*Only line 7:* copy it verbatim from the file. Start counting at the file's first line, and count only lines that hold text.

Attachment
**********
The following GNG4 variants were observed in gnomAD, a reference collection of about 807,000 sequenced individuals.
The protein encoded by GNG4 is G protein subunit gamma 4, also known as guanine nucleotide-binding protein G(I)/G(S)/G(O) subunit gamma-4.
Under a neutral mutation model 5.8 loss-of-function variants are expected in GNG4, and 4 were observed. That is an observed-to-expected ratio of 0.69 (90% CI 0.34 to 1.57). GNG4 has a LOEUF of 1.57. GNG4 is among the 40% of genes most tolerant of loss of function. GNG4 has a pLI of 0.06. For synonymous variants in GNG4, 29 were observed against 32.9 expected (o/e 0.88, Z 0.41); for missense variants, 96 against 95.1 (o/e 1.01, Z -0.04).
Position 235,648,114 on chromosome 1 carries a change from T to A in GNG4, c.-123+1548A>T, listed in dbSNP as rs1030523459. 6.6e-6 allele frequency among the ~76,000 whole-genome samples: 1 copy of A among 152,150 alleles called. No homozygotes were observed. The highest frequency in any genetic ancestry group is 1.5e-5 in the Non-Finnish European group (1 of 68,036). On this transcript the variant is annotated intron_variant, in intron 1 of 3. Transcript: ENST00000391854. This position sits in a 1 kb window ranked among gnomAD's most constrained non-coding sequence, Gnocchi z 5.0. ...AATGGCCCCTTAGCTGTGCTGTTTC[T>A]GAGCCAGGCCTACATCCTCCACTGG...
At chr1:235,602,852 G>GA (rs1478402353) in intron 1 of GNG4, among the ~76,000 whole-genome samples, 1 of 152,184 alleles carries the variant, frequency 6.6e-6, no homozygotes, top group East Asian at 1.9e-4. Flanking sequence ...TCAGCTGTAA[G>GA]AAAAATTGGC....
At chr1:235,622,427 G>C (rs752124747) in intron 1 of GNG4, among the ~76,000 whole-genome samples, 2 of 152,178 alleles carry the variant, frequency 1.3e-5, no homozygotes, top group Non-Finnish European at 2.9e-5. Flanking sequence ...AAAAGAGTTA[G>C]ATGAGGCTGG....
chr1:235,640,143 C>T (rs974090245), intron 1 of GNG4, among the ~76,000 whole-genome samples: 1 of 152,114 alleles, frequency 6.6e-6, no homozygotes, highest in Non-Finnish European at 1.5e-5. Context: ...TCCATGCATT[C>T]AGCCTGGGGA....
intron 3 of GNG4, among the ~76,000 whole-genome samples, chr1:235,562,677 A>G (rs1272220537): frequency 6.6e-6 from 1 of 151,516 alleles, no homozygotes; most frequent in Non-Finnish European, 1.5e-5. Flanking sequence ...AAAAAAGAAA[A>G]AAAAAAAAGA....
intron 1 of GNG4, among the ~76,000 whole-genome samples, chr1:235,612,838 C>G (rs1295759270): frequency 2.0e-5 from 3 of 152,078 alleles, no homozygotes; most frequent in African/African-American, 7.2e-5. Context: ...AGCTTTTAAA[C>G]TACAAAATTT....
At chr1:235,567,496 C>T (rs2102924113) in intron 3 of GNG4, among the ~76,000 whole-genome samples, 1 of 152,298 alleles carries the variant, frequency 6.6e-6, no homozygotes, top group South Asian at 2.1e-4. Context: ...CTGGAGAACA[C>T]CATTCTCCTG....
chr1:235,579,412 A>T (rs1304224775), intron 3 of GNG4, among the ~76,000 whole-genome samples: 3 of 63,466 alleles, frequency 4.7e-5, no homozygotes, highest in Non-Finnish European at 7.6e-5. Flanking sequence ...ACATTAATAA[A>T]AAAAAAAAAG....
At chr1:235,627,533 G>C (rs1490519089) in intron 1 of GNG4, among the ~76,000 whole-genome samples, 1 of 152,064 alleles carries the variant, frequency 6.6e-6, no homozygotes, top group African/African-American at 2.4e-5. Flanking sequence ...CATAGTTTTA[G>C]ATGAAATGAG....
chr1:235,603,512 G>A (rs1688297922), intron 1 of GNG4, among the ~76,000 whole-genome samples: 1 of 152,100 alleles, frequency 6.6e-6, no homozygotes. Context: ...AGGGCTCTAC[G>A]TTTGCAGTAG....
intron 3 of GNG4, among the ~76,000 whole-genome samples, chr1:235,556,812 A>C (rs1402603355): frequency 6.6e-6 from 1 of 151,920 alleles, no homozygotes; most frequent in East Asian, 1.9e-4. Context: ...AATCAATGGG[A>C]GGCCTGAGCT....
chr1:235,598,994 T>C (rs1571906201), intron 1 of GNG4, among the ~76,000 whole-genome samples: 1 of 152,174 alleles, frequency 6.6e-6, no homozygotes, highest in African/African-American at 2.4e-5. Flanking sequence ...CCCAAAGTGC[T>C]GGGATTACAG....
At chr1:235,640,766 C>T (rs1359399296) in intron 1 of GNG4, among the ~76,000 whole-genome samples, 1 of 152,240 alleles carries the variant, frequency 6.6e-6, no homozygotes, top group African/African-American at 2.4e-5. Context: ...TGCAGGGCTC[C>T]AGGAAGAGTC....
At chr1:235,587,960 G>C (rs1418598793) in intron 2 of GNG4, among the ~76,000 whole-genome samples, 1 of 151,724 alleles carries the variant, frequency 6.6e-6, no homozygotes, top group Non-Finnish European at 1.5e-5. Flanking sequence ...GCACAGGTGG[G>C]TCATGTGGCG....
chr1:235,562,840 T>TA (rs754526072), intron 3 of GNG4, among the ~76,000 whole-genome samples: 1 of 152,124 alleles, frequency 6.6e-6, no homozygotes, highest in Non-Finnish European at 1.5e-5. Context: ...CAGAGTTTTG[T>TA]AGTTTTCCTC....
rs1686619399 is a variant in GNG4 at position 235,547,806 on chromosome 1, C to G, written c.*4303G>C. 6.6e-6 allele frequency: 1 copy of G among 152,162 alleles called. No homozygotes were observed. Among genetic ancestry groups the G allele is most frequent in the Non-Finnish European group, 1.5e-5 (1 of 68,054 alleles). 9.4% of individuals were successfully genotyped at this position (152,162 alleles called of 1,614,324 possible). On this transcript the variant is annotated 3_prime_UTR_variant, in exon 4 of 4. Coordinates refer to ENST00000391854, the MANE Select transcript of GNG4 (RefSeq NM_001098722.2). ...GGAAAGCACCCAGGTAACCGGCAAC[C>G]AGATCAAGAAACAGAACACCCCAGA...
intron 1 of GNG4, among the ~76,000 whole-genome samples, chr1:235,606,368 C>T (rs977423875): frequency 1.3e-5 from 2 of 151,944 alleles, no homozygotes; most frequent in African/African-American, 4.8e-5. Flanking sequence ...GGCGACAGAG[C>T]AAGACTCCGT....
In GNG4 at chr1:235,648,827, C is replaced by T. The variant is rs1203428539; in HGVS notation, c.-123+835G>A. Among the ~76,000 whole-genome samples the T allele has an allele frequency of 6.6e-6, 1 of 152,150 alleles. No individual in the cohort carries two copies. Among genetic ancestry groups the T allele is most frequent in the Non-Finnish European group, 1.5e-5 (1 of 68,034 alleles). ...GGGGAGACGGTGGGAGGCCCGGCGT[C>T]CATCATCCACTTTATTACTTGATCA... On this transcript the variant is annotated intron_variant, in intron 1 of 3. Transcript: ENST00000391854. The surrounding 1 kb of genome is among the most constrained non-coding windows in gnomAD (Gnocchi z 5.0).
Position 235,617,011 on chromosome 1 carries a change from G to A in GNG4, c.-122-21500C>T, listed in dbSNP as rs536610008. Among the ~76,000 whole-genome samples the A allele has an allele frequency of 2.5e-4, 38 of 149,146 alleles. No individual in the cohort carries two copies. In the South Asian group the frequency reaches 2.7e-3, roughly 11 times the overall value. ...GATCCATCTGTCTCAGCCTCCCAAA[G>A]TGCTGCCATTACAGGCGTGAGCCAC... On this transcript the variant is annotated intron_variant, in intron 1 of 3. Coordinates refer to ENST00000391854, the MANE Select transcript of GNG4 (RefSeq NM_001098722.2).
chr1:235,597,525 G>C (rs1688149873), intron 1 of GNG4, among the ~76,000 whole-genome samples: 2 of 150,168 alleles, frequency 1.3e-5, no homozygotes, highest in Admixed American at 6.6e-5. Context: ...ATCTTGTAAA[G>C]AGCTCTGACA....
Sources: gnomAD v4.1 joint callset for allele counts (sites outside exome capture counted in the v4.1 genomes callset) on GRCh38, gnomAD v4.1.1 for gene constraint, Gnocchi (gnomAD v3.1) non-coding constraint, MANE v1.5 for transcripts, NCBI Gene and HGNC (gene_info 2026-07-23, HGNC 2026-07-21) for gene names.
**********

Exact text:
chr1:235,640,143 C>T (rs974090245), intron 1 of GNG4, among the ~76,000 whole-genome samples: 1 of 152,114 alleles, frequency 6.6e-6, no homozygotes, highest in Non-Finnish European at 1.5e-5. Context: ...TCCATGCATT[C>T]AGCCTGGGGA....